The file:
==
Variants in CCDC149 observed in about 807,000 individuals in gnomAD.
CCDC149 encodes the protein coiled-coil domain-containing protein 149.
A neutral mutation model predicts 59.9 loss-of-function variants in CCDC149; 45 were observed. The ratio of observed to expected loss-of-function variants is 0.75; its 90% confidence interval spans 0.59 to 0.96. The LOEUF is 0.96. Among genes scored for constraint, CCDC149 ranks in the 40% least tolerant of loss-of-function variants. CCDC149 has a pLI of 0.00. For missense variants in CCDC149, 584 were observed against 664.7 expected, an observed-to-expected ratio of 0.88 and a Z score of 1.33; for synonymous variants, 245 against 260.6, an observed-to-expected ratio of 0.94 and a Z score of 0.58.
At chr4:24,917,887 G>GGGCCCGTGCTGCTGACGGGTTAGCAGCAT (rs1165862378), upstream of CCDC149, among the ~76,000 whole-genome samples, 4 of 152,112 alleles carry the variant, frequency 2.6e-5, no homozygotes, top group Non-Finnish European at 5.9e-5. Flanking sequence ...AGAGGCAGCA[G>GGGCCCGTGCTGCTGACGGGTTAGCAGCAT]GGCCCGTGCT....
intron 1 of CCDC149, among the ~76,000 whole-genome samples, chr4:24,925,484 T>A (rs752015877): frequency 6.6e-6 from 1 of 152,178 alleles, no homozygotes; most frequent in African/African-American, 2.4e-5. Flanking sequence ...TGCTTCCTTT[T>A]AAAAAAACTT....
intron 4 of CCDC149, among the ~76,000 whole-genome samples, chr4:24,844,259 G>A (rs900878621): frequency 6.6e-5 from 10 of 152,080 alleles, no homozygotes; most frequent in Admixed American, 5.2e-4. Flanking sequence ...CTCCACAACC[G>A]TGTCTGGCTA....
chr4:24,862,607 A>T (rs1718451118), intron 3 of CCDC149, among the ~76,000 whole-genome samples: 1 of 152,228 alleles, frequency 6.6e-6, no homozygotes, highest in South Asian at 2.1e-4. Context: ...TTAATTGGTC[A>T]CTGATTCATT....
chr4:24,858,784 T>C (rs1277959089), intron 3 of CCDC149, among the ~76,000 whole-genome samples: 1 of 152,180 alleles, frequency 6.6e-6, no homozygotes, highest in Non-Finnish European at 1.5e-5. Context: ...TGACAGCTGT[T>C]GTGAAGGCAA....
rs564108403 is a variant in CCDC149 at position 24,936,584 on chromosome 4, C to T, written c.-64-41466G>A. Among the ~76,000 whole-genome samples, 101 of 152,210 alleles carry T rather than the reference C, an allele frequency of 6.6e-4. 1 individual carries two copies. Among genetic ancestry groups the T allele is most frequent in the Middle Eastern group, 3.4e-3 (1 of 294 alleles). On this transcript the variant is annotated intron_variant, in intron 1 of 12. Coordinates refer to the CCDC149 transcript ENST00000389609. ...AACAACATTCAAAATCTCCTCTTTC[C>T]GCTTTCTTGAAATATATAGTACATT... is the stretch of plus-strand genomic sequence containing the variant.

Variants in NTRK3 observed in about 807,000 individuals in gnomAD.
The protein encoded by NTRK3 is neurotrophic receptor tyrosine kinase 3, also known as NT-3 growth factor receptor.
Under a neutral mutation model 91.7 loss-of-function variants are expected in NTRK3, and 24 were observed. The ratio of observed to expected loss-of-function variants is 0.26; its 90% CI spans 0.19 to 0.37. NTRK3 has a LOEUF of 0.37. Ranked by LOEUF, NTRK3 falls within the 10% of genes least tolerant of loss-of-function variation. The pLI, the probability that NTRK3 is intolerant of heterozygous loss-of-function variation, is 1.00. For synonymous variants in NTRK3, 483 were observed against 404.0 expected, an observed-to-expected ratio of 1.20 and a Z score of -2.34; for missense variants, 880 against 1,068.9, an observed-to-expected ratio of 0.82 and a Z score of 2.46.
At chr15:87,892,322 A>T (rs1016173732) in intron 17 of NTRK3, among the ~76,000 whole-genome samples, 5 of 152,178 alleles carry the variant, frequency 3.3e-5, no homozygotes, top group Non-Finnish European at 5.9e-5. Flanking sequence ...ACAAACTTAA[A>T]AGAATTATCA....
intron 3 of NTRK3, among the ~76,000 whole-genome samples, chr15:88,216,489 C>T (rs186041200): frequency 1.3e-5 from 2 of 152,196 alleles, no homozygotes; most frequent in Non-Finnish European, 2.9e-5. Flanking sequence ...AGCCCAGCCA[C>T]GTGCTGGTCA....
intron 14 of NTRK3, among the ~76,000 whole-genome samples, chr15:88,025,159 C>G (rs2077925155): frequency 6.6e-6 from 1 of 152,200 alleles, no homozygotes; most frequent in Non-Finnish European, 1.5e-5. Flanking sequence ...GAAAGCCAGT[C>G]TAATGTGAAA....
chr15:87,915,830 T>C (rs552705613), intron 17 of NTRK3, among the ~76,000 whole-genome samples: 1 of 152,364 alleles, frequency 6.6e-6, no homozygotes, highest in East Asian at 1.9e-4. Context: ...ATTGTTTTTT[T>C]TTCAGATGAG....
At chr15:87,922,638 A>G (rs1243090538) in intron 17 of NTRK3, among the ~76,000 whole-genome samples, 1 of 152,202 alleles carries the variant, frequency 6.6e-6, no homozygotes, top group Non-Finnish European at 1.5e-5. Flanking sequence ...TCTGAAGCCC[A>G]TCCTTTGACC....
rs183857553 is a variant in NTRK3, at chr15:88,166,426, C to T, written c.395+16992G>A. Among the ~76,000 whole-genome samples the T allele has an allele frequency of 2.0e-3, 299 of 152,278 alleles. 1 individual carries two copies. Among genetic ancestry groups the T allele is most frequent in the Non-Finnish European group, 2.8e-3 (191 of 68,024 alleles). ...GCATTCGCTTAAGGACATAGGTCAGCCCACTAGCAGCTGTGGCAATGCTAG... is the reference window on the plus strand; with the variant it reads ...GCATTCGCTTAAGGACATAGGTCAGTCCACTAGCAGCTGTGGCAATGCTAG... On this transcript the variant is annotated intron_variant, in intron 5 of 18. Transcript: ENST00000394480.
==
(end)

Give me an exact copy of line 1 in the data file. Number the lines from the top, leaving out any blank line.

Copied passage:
Variants in CCDC149 observed in about 807,000 individuals in gnomAD.